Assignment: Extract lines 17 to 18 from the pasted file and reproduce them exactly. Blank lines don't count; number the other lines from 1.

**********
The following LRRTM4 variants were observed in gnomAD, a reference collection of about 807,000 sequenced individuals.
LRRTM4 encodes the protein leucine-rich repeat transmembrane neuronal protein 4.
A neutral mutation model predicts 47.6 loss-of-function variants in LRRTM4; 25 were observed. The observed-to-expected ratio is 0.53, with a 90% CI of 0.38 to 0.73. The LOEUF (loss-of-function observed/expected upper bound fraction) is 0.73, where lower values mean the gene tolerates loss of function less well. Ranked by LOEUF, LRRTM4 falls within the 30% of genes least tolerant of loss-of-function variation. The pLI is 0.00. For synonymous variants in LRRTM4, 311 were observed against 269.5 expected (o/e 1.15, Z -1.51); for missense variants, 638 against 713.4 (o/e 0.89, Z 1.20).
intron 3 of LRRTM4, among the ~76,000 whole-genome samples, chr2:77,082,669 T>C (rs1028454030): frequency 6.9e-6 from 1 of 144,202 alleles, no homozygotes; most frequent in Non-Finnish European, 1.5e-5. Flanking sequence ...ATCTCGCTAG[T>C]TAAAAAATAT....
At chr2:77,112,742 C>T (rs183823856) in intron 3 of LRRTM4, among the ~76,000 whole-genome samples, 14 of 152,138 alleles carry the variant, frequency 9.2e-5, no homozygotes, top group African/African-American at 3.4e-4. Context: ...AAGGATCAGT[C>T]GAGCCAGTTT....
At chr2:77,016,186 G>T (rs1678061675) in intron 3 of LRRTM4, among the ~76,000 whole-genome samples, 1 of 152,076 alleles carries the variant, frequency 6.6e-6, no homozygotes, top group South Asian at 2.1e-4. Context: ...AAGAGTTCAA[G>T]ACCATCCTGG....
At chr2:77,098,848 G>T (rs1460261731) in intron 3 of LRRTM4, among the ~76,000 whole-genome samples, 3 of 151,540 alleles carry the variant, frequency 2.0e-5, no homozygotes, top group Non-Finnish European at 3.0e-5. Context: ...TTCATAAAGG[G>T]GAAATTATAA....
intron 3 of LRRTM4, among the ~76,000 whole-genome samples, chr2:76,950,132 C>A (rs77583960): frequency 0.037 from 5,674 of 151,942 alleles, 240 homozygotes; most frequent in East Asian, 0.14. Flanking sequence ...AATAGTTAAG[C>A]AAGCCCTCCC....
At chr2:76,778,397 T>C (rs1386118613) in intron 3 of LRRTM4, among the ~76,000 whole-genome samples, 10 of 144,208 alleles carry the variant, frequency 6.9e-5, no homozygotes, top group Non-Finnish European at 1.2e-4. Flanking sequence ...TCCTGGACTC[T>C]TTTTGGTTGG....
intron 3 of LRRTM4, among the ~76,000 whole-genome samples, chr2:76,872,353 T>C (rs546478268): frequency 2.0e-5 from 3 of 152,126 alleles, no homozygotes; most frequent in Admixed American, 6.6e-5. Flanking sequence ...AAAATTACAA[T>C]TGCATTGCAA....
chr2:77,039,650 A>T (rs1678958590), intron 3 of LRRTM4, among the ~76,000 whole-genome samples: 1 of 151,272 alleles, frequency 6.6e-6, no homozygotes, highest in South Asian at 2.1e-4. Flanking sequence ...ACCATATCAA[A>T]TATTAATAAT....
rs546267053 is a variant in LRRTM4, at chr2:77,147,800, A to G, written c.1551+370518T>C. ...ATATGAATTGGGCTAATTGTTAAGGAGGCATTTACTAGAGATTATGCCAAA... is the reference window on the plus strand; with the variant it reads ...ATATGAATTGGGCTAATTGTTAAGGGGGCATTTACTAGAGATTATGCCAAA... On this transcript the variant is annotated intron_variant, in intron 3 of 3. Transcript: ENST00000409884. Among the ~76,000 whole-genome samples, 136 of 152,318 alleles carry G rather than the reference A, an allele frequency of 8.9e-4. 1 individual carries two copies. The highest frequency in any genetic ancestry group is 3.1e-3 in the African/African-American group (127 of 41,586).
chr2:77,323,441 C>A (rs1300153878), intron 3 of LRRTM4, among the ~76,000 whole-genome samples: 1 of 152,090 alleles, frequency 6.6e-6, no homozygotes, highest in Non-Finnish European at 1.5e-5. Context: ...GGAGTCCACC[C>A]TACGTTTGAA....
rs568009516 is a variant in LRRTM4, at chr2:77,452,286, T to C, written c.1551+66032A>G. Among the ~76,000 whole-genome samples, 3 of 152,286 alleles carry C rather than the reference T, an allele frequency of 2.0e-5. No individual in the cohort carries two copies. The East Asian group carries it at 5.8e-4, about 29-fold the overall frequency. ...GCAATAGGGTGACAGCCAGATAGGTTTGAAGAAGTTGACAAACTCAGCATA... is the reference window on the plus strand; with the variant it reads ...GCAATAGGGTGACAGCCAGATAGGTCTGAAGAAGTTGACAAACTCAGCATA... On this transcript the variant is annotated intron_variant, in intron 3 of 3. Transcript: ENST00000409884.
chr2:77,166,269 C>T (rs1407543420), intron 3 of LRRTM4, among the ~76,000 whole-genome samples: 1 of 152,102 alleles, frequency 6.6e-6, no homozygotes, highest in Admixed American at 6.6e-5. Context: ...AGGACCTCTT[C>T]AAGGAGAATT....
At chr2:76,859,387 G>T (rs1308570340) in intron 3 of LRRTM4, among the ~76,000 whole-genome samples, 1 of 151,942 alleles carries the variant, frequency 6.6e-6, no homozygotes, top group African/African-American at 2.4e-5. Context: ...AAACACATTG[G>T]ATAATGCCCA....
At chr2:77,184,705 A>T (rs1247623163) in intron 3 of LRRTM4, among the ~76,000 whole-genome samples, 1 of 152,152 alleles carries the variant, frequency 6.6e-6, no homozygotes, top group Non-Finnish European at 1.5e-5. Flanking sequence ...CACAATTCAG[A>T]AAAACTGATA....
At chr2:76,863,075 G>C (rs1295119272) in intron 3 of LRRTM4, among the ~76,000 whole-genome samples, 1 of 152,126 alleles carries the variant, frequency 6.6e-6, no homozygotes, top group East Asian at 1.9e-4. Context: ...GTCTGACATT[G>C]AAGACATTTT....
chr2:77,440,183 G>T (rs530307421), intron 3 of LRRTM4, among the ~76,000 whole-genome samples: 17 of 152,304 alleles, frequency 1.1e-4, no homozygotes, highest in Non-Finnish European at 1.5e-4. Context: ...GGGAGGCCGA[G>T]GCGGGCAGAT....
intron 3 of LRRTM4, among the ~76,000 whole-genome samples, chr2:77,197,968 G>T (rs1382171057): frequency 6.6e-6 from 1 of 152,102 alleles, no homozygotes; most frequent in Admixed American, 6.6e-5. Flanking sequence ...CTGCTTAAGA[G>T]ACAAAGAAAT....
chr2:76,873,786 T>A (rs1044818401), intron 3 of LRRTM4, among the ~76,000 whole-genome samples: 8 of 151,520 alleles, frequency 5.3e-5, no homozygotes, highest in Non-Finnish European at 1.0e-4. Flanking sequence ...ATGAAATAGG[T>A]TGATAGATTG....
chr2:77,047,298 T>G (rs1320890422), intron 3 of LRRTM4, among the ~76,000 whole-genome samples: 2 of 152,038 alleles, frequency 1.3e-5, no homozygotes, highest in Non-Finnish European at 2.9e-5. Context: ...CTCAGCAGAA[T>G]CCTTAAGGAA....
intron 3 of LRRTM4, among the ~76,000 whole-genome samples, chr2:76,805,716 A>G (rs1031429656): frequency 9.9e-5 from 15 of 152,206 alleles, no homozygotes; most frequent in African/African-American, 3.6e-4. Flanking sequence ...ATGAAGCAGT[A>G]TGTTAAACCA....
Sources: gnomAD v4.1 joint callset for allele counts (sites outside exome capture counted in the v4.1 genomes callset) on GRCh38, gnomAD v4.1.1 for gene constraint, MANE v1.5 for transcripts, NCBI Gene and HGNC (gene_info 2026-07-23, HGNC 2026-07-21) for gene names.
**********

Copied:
At chr2:77,184,705 A>T (rs1247623163) in intron 3 of LRRTM4, among the ~76,000 whole-genome samples, 1 of 152,152 alleles carries the variant, frequency 6.6e-6, no homozygotes, top group Non-Finnish European at 1.5e-5. Flanking sequence ...CACAATTCAG[A>T]AAAACTGATA....
At chr2:76,863,075 G>C (rs1295119272) in intron 3 of LRRTM4, among the ~76,000 whole-genome samples, 1 of 152,126 alleles carries the variant, frequency 6.6e-6, no homozygotes, top group East Asian at 1.9e-4. Context: ...GTCTGACATT[G>C]AAGACATTTT....